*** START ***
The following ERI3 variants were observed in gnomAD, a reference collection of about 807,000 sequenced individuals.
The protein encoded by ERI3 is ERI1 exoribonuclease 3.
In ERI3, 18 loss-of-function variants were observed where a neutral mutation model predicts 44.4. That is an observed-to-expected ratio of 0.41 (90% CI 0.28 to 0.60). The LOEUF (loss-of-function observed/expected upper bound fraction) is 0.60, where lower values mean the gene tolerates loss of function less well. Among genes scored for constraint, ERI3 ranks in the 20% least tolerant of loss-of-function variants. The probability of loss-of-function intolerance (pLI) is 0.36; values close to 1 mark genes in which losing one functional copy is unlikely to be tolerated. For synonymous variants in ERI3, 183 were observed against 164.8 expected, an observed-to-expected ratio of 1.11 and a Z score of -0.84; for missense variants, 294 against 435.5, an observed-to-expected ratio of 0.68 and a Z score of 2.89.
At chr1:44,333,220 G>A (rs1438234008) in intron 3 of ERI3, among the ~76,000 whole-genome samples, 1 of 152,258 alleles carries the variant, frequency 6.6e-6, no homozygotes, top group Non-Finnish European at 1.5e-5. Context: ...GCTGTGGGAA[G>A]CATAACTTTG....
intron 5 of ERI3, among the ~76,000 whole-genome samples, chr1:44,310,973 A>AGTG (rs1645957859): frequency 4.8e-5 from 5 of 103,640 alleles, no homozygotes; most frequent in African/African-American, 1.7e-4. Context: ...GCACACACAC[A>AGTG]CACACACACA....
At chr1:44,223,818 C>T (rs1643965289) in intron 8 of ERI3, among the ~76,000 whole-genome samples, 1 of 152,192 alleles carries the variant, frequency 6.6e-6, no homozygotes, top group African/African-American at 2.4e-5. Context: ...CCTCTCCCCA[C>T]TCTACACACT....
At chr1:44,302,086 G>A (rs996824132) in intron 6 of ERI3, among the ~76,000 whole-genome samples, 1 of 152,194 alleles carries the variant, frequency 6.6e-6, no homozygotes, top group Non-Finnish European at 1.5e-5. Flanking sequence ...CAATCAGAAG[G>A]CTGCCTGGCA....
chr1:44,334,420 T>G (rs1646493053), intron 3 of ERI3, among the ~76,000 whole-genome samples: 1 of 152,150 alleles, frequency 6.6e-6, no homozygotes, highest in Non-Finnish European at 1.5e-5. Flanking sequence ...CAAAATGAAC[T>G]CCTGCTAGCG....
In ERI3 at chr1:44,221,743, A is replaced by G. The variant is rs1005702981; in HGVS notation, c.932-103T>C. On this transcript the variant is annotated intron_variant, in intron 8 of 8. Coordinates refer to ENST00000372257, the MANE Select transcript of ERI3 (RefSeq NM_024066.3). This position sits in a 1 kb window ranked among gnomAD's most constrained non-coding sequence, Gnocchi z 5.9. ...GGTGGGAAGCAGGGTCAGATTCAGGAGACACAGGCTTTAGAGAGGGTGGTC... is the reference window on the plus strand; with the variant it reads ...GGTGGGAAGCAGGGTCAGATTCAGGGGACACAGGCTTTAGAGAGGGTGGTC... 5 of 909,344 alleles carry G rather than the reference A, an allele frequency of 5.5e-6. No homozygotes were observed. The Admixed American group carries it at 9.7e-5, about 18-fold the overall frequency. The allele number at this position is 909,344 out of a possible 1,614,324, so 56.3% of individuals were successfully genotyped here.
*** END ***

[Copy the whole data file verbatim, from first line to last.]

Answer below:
The following ERI3 variants were observed in gnomAD, a reference collection of about 807,000 sequenced individuals.
The protein encoded by ERI3 is ERI1 exoribonuclease 3.
In ERI3, 18 loss-of-function variants were observed where a neutral mutation model predicts 44.4. That is an observed-to-expected ratio of 0.41 (90% CI 0.28 to 0.60). The LOEUF (loss-of-function observed/expected upper bound fraction) is 0.60, where lower values mean the gene tolerates loss of function less well. Among genes scored for constraint, ERI3 ranks in the 20% least tolerant of loss-of-function variants. The probability of loss-of-function intolerance (pLI) is 0.36; values close to 1 mark genes in which losing one functional copy is unlikely to be tolerated. For synonymous variants in ERI3, 183 were observed against 164.8 expected, an observed-to-expected ratio of 1.11 and a Z score of -0.84; for missense variants, 294 against 435.5, an observed-to-expected ratio of 0.68 and a Z score of 2.89.
At chr1:44,333,220 G>A (rs1438234008) in intron 3 of ERI3, among the ~76,000 whole-genome samples, 1 of 152,258 alleles carries the variant, frequency 6.6e-6, no homozygotes, top group Non-Finnish European at 1.5e-5. Context: ...GCTGTGGGAA[G>A]CATAACTTTG....
intron 5 of ERI3, among the ~76,000 whole-genome samples, chr1:44,310,973 A>AGTG (rs1645957859): frequency 4.8e-5 from 5 of 103,640 alleles, no homozygotes; most frequent in African/African-American, 1.7e-4. Context: ...GCACACACAC[A>AGTG]CACACACACA....
At chr1:44,223,818 C>T (rs1643965289) in intron 8 of ERI3, among the ~76,000 whole-genome samples, 1 of 152,192 alleles carries the variant, frequency 6.6e-6, no homozygotes, top group African/African-American at 2.4e-5. Context: ...CCTCTCCCCA[C>T]TCTACACACT....
At chr1:44,302,086 G>A (rs996824132) in intron 6 of ERI3, among the ~76,000 whole-genome samples, 1 of 152,194 alleles carries the variant, frequency 6.6e-6, no homozygotes, top group Non-Finnish European at 1.5e-5. Flanking sequence ...CAATCAGAAG[G>A]CTGCCTGGCA....
chr1:44,334,420 T>G (rs1646493053), intron 3 of ERI3, among the ~76,000 whole-genome samples: 1 of 152,150 alleles, frequency 6.6e-6, no homozygotes, highest in Non-Finnish European at 1.5e-5. Flanking sequence ...CAAAATGAAC[T>G]CCTGCTAGCG....
In ERI3 at chr1:44,221,743, A is replaced by G. The variant is rs1005702981; in HGVS notation, c.932-103T>C. On this transcript the variant is annotated intron_variant, in intron 8 of 8. Coordinates refer to ENST00000372257, the MANE Select transcript of ERI3 (RefSeq NM_024066.3). This position sits in a 1 kb window ranked among gnomAD's most constrained non-coding sequence, Gnocchi z 5.9. ...GGTGGGAAGCAGGGTCAGATTCAGGAGACACAGGCTTTAGAGAGGGTGGTC... is the reference window on the plus strand; with the variant it reads ...GGTGGGAAGCAGGGTCAGATTCAGGGGACACAGGCTTTAGAGAGGGTGGTC... 5 of 909,344 alleles carry G rather than the reference A, an allele frequency of 5.5e-6. No homozygotes were observed. The Admixed American group carries it at 9.7e-5, about 18-fold the overall frequency. The allele number at this position is 909,344 out of a possible 1,614,324, so 56.3% of individuals were successfully genotyped here.